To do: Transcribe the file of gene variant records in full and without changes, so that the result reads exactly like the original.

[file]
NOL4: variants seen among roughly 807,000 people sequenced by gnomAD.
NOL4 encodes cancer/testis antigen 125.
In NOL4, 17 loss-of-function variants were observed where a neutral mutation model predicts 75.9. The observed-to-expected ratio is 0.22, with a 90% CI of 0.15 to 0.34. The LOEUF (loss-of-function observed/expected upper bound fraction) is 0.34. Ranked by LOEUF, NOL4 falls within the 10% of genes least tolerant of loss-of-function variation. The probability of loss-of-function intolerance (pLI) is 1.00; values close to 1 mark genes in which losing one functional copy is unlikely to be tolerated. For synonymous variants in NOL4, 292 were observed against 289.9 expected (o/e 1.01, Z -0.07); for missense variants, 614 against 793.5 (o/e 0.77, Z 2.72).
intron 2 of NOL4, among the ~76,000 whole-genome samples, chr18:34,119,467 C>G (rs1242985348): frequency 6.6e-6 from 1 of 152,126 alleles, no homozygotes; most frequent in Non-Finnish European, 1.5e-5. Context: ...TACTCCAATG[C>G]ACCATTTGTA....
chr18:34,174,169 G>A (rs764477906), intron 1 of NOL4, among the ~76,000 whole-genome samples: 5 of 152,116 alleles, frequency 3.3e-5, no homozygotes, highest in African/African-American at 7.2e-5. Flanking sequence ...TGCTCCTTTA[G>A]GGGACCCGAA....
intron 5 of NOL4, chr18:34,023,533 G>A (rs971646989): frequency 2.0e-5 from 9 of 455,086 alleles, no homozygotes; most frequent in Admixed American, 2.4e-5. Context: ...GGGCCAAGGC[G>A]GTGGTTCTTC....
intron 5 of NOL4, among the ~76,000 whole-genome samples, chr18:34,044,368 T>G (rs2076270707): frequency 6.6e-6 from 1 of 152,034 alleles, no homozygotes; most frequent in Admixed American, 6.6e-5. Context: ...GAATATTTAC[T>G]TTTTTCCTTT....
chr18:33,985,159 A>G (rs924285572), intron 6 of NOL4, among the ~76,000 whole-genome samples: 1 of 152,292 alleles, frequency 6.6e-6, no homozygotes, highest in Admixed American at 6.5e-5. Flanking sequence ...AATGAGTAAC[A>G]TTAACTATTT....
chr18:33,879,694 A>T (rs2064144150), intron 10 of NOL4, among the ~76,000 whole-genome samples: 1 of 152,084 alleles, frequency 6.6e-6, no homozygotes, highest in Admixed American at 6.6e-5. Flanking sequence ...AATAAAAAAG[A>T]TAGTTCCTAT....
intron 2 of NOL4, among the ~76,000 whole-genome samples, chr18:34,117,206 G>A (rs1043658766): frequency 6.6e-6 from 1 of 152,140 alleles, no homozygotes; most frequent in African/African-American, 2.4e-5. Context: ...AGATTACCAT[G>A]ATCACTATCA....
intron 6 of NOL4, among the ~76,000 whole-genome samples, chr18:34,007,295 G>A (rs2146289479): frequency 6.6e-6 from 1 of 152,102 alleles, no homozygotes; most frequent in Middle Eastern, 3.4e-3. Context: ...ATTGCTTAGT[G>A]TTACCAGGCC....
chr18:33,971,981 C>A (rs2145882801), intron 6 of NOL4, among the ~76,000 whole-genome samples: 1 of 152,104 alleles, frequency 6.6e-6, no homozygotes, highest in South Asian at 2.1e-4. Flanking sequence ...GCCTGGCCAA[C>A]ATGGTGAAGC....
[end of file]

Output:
NOL4: variants seen among roughly 807,000 people sequenced by gnomAD.
NOL4 encodes cancer/testis antigen 125.
In NOL4, 17 loss-of-function variants were observed where a neutral mutation model predicts 75.9. The observed-to-expected ratio is 0.22, with a 90% CI of 0.15 to 0.34. The LOEUF (loss-of-function observed/expected upper bound fraction) is 0.34. Ranked by LOEUF, NOL4 falls within the 10% of genes least tolerant of loss-of-function variation. The probability of loss-of-function intolerance (pLI) is 1.00; values close to 1 mark genes in which losing one functional copy is unlikely to be tolerated. For synonymous variants in NOL4, 292 were observed against 289.9 expected (o/e 1.01, Z -0.07); for missense variants, 614 against 793.5 (o/e 0.77, Z 2.72).
intron 2 of NOL4, among the ~76,000 whole-genome samples, chr18:34,119,467 C>G (rs1242985348): frequency 6.6e-6 from 1 of 152,126 alleles, no homozygotes; most frequent in Non-Finnish European, 1.5e-5. Context: ...TACTCCAATG[C>G]ACCATTTGTA....
chr18:34,174,169 G>A (rs764477906), intron 1 of NOL4, among the ~76,000 whole-genome samples: 5 of 152,116 alleles, frequency 3.3e-5, no homozygotes, highest in African/African-American at 7.2e-5. Flanking sequence ...TGCTCCTTTA[G>A]GGGACCCGAA....
intron 5 of NOL4, chr18:34,023,533 G>A (rs971646989): frequency 2.0e-5 from 9 of 455,086 alleles, no homozygotes; most frequent in Admixed American, 2.4e-5. Context: ...GGGCCAAGGC[G>A]GTGGTTCTTC....
intron 5 of NOL4, among the ~76,000 whole-genome samples, chr18:34,044,368 T>G (rs2076270707): frequency 6.6e-6 from 1 of 152,034 alleles, no homozygotes; most frequent in Admixed American, 6.6e-5. Context: ...GAATATTTAC[T>G]TTTTTCCTTT....
chr18:33,985,159 A>G (rs924285572), intron 6 of NOL4, among the ~76,000 whole-genome samples: 1 of 152,292 alleles, frequency 6.6e-6, no homozygotes, highest in Admixed American at 6.5e-5. Flanking sequence ...AATGAGTAAC[A>G]TTAACTATTT....
chr18:33,879,694 A>T (rs2064144150), intron 10 of NOL4, among the ~76,000 whole-genome samples: 1 of 152,084 alleles, frequency 6.6e-6, no homozygotes, highest in Admixed American at 6.6e-5. Flanking sequence ...AATAAAAAAG[A>T]TAGTTCCTAT....
intron 2 of NOL4, among the ~76,000 whole-genome samples, chr18:34,117,206 G>A (rs1043658766): frequency 6.6e-6 from 1 of 152,140 alleles, no homozygotes; most frequent in African/African-American, 2.4e-5. Context: ...AGATTACCAT[G>A]ATCACTATCA....
intron 6 of NOL4, among the ~76,000 whole-genome samples, chr18:34,007,295 G>A (rs2146289479): frequency 6.6e-6 from 1 of 152,102 alleles, no homozygotes; most frequent in Middle Eastern, 3.4e-3. Context: ...ATTGCTTAGT[G>A]TTACCAGGCC....
chr18:33,971,981 C>A (rs2145882801), intron 6 of NOL4, among the ~76,000 whole-genome samples: 1 of 152,104 alleles, frequency 6.6e-6, no homozygotes, highest in South Asian at 2.1e-4. Flanking sequence ...GCCTGGCCAA[C>A]ATGGTGAAGC....